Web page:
You know that kid who has a messy room, backpack, locker? Who loses important papers, books, sports equipment? Who could have straight A’s…if only they remembered to turn in assignments, to bring home their homework, to use their planner?!?!?!?
I have two of those kids.
Having a messy kid is frustrating, but not fatal, and it definitely takes a lot of love, patience, and work for us parents, but we can help our kids who suffer from low executive functioning skills to manage and to do better.
Seek first to be kind to our messy kids
The very first thing we have to do is… get over it. I struggled with this a lot with my oldest child. I saw his messiness as a character flaw on his part and a parenting failure on my part. I just couldn’t understand how such a bright kid could sabotage himself over and over again by not turning in assignments, not following directions, and always forgetting things. I kept thinking that he would change his messy ways when he grew tired of the havoc it caused in his life, but it wasn’t that easy.
Eventually, I realized that low executive functioning isn’t something that kids can simply grow out of. They need guidance, understanding, and a ton of loving patience.
Get them to accept help
In my experience, kids who are messy, are embarrassed by it, and want to hide it. They suffer when they know their own lack of organization has caused them trouble and disappointed their parents. Getting them to lower their guard and accept help can be difficult.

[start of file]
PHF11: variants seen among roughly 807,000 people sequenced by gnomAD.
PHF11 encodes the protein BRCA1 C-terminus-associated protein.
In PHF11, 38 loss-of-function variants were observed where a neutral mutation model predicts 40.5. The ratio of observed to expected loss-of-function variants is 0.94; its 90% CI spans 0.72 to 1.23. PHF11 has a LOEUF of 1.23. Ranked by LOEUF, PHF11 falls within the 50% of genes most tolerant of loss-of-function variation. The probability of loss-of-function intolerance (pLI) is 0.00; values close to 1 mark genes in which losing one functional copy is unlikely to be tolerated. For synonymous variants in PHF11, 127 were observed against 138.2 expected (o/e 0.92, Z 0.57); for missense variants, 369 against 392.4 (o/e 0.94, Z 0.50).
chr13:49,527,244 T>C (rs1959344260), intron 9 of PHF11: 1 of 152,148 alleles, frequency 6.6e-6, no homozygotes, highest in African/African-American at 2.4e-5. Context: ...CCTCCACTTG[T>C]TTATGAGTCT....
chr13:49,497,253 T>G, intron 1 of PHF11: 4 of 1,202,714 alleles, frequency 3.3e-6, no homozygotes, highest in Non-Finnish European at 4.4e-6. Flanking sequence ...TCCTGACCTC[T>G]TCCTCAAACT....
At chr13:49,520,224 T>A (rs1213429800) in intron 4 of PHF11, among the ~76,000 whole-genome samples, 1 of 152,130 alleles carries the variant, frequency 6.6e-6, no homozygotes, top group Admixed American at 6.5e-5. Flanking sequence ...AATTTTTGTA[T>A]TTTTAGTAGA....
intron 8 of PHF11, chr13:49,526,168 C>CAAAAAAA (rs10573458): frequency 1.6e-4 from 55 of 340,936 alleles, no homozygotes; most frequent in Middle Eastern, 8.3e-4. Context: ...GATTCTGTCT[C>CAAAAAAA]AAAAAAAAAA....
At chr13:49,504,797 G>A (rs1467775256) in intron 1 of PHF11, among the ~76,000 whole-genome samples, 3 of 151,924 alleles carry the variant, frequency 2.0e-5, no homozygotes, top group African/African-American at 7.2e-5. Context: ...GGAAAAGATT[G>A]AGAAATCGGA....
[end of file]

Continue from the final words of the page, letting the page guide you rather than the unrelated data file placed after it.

When I tutored kids, I would patiently explain to them that no one is good at everything, and we all need to learn how to do certain things. I would remind them that there wasn’t any shame in being weak at a something, but there was shame in not accepting help when they needed it.
It helps me to remember that no one is perfect, and we all could use a little help sometimes. Needing a little help isn’t the worst thing in the world.
A practical step
First thing, is to understand the difference between helping and rescuing. I think that help is pre-emptive and rescuing is post fact. When help takes the form of teaching rather than saving, we are on safe ground.
For example, my youngest child really struggled with bringing home all of the stuff she needed for homework every night. It seemed that there was always something she left in her locker or a friend who had to be called about a homework assignment.
I changed our routine. Previously, when she would get in the car, I would sternly ask her if she had everything she needed to get her homework finished. She would say yes, and I would drive away thinking that I had done my job.
It didn’t work. So, I began looking online to see what her homework was for the night before I picked her up. Then I would ask her to show me the stuff she needed to complete the assignments. I wouldn’t leave school property until she had everything.
This routine helped her. She didn’t like having to run back into the school to her locker, and she didn’t like showing me a messy backpack. She slowly began to bring everything home the first time.
If you can’t replicate this exactly, maybe you could get an extra set of textbooks to keep at home. Or you could have a daily alarm that goes off at the end of the school day that reminds your child to take a deep breath, think, and touch every book they need for that night. It would be a positive use for their phones anyway!
I think my daughter’s routine worked because it was focused on helping her and not humiliating her for “constantly forgetting stuff.” Messy kids really do want to do better and please us parents. It’s up to us to gain their trust and then to help them with the practical steps they can take to achieve order in their life.